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  • Writer's pictureCrossline Theatre

Ageing in the Arts: What I've Learned So Far

Written by Natalia Knowlton

Natalia's first school play where she played a sassy butterfly.

I’m turning 30 in less than a week. Given the state of the world at the moment, transitioning into my 30’s doesn’t feel that scary anymore (never thought I’d say that!).

Like many people, I’ve done a lot of reflecting while self-isolating. I’ve always taken pride in my work ethic and passion for my theatre career. This mentality has caused burn out, sacrificing relationships and moving far away from the people I love. Theatre has always come first and I’m starting to question if that's the right thing to do anymore.

My 20’s were all about chasing a dream that was almost impossible to achieve, so I fell down many times and learnt the hard way. For most of my 20’s, turning 30 felt like a cruel finish line, a deadline for a list of things I wanted to get done in my theatre career. As dramatic as this sounds, I hit my rock bottom when I turned 27. I couldn’t cope with moving to the “late 20’s” bracket and I thought “if I’m reacting like this at 27, what’s going to happen when I turn 30?”I knew something had to change.

So for the last 3 years, I’ve been on a journey to unlearn and overcome my fear of ageing. Here’s what I’ve learned so far:

You don’t have to “make it” in your 20’s

I don’t know where this sick idea comes from, but for some reason every young artist I know thinks they have to become an overnight sensation in their 20’s to be successful (whatever that means to you). By 30, I wanted playwriting to pay my bills and for my scripts to be commissioned, published and produced by professional theatres. And I wanted to do all this while traveling the world and being a cat mom. This is all sounds so stupid, it makes me want to slap my 21-year-old self.

I’ve learned that “overnight” success stories usually involve many years of hard work that no one talks about. A writer’s “first play” is never technically their first play. Even when you’ve “made it”, you have the pressure to continue creating high quality work, which can be more debilitating in your 20’s because you’re less experienced. Point is, you have your whole life to work on your craft, life does go on after your 20’s. In fact, your best art will come with time. I’ve come such a long way as a person from 20 to 30 and that has undoubtedly made me a better writer and artist. I can’t wait to see what I’ll be creating in the next decades.

It’s about the process, not the outcome

The other problem with wanting to “make it” in your 20’s is that you’re thinking about the outcome, not the process. You’re thinking of the fame, the status and the praise you’ll get from your art. You’re essentially wanting the romanticised idea of being an artist, but you’re not thinking of the work you have to put in. Going to school makes you think of your craft but after that it’s up to you to put in the time to work on your art in your schedule along with your day jobs and everything else. By doing so, you’re actively working on your skills which is the only thing you can control. Think of outcome as nice bonus but not your ultimate goal. You can’t dictate when you’ll get famous but you can control the quality of your art.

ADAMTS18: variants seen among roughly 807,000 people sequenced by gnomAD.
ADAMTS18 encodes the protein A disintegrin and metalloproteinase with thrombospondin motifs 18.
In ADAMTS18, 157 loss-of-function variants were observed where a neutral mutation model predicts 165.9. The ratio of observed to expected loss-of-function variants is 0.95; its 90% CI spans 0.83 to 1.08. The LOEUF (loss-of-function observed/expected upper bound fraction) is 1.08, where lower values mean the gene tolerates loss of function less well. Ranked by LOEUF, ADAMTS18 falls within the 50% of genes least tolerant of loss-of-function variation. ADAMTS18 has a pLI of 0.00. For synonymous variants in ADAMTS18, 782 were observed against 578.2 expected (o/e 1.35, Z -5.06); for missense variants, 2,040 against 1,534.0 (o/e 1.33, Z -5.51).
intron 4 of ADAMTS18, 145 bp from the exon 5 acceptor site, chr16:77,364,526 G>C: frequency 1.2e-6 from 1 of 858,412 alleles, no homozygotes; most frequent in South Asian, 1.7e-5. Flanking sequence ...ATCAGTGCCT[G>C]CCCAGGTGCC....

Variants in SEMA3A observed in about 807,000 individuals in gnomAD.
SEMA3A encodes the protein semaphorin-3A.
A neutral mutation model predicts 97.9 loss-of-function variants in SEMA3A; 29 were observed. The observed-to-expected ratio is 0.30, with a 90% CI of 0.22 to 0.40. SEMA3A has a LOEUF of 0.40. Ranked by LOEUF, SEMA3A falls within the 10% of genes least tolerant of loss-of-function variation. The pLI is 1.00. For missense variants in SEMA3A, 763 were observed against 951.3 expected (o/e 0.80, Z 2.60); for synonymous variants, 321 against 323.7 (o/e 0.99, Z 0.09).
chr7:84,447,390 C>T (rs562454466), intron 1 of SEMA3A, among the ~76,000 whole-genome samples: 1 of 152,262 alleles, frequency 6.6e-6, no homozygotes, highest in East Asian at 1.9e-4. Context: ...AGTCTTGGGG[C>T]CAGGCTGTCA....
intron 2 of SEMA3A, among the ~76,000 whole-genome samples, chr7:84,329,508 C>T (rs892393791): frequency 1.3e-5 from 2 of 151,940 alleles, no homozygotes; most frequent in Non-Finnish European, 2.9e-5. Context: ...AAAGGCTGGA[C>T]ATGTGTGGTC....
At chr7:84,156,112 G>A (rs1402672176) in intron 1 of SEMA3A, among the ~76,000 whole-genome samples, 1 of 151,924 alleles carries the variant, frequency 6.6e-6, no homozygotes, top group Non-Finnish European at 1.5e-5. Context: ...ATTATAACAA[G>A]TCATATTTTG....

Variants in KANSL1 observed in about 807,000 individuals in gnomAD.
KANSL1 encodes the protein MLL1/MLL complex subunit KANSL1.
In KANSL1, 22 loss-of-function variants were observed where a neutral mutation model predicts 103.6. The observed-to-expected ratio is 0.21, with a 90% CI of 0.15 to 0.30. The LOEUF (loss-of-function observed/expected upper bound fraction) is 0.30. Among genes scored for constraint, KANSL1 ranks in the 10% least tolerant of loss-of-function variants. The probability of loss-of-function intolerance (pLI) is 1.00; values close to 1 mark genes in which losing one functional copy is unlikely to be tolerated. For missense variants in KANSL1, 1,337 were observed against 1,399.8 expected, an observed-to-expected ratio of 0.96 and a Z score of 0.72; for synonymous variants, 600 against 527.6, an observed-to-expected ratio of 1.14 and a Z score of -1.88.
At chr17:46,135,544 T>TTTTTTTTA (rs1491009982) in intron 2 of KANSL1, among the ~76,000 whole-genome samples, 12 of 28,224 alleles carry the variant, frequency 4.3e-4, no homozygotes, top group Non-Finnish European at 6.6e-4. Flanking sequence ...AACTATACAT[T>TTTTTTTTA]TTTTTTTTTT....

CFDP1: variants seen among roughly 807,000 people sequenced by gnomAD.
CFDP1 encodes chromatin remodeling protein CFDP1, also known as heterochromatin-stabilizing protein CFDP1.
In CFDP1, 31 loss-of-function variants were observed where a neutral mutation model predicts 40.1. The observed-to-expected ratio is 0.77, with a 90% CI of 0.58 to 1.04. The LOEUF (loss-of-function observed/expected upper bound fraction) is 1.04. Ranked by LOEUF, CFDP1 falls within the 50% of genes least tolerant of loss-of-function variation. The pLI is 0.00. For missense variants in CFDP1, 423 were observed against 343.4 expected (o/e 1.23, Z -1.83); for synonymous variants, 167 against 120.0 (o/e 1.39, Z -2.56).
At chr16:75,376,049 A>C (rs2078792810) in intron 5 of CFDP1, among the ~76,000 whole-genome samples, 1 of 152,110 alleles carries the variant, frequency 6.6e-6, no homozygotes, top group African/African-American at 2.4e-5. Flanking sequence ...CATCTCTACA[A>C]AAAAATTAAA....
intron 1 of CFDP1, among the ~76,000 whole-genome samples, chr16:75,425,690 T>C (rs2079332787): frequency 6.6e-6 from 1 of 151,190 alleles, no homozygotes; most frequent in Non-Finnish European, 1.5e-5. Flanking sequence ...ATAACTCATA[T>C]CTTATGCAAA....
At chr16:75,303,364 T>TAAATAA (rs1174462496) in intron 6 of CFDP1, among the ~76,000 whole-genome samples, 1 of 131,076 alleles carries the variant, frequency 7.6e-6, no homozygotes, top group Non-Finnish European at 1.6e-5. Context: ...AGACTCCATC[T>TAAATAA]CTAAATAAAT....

This mentality has also helped me with dealing with rejection. No matter how many times I get rejected, I still show up to write the next day and keep going.

Speaking of crappy things like rejection…

Accept the shit sandwich

I came across the term “shit sandwich” in Elizabeth Gilbert’s book Big Magic where she explains that artists usually think of the good things that come with creating (again, think of the romanticised idea in our heads). But we rarely think of the shit sandwich that comes with it which might include rejections, unstable and low pay, sacrificing relationships etc. The shit sandwich is inevitable and to be an artist is to be willing to eat the shit sandwich. We all know those people we might have gone to school with that were top of the class, the people we were certain were going to make it because they were more talented than us. Then it turns out they quit as soon as they graduated and now work in real state and live in the suburbs. They might have been talented but they didn’t want it bad enough to eat the shit sandwich. PS no judgement on people not wanting to eat the shit sandwich, because it is shit, especially during a pandemic.

Make a plan/don’t make a plan

I love contradictions.

If COVID-19 is going to teach us anything it's that we can plan all we want but if shit hits the fan, you have to go with it and create a new plan. At the end of my Masters, I had to write a five-year career plan and it’s wild to see how much it changed in a matter of months. This is a good thing. Many great things have happened to me that I didn’t plan for but have made me grow. Shows I worked on for a long time all got cancelled this year because of COVID-19. Is it heart-breaking? Of course it is and you should grieve that loss. But it’s also made me think of what else I can do during this time. I hope you’re creating, if that’s what you want to do. But I also hope the industry is taking a break to reflect and relax. We’re all burned out, we all need a breather.

And last but not least…

Ageing is a gift

The alternative is death, don’t ever forget it or take it for granted. As scary as it is to age (a loaded term, especially for women), it is a gift to spend more time on this earth to be with our loved ones and grow, no matter what you accomplish or not. Life is not a race, it’s an experience so make the most of it.

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